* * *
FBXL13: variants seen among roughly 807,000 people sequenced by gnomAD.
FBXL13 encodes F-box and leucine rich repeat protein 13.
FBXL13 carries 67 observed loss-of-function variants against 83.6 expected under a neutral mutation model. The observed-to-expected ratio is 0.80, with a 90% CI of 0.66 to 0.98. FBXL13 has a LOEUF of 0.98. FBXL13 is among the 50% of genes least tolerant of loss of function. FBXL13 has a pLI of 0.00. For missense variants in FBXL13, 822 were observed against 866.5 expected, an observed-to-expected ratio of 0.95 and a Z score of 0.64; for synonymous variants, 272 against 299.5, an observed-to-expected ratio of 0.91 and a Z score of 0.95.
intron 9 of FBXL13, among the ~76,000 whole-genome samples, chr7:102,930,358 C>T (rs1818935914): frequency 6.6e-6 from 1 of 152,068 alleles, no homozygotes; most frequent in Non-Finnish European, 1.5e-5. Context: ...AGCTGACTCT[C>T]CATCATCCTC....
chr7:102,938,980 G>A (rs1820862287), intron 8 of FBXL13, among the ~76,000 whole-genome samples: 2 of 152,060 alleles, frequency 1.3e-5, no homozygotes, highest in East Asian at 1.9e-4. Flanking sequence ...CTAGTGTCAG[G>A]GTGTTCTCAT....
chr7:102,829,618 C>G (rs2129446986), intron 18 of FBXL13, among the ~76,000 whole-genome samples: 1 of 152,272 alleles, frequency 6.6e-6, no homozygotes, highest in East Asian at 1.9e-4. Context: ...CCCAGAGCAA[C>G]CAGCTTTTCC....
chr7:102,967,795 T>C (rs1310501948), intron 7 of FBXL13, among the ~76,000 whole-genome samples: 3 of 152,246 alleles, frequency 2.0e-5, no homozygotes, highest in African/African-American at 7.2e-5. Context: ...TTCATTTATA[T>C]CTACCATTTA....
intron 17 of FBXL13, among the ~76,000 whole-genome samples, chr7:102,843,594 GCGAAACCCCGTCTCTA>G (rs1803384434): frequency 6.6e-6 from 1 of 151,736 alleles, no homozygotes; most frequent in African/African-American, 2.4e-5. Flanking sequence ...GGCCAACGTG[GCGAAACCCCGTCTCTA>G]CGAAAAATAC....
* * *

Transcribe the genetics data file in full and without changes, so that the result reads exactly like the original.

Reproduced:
FBXL13: variants seen among roughly 807,000 people sequenced by gnomAD.
FBXL13 encodes F-box and leucine rich repeat protein 13.
FBXL13 carries 67 observed loss-of-function variants against 83.6 expected under a neutral mutation model. The observed-to-expected ratio is 0.80, with a 90% CI of 0.66 to 0.98. FBXL13 has a LOEUF of 0.98. FBXL13 is among the 50% of genes least tolerant of loss of function. FBXL13 has a pLI of 0.00. For missense variants in FBXL13, 822 were observed against 866.5 expected, an observed-to-expected ratio of 0.95 and a Z score of 0.64; for synonymous variants, 272 against 299.5, an observed-to-expected ratio of 0.91 and a Z score of 0.95.
intron 9 of FBXL13, among the ~76,000 whole-genome samples, chr7:102,930,358 C>T (rs1818935914): frequency 6.6e-6 from 1 of 152,068 alleles, no homozygotes; most frequent in Non-Finnish European, 1.5e-5. Context: ...AGCTGACTCT[C>T]CATCATCCTC....
chr7:102,938,980 G>A (rs1820862287), intron 8 of FBXL13, among the ~76,000 whole-genome samples: 2 of 152,060 alleles, frequency 1.3e-5, no homozygotes, highest in East Asian at 1.9e-4. Flanking sequence ...CTAGTGTCAG[G>A]GTGTTCTCAT....
chr7:102,829,618 C>G (rs2129446986), intron 18 of FBXL13, among the ~76,000 whole-genome samples: 1 of 152,272 alleles, frequency 6.6e-6, no homozygotes, highest in East Asian at 1.9e-4. Context: ...CCCAGAGCAA[C>G]CAGCTTTTCC....
chr7:102,967,795 T>C (rs1310501948), intron 7 of FBXL13, among the ~76,000 whole-genome samples: 3 of 152,246 alleles, frequency 2.0e-5, no homozygotes, highest in African/African-American at 7.2e-5. Context: ...TTCATTTATA[T>C]CTACCATTTA....
intron 17 of FBXL13, among the ~76,000 whole-genome samples, chr7:102,843,594 GCGAAACCCCGTCTCTA>G (rs1803384434): frequency 6.6e-6 from 1 of 151,736 alleles, no homozygotes; most frequent in African/African-American, 2.4e-5. Flanking sequence ...GGCCAACGTG[GCGAAACCCCGTCTCTA>G]CGAAAAATAC....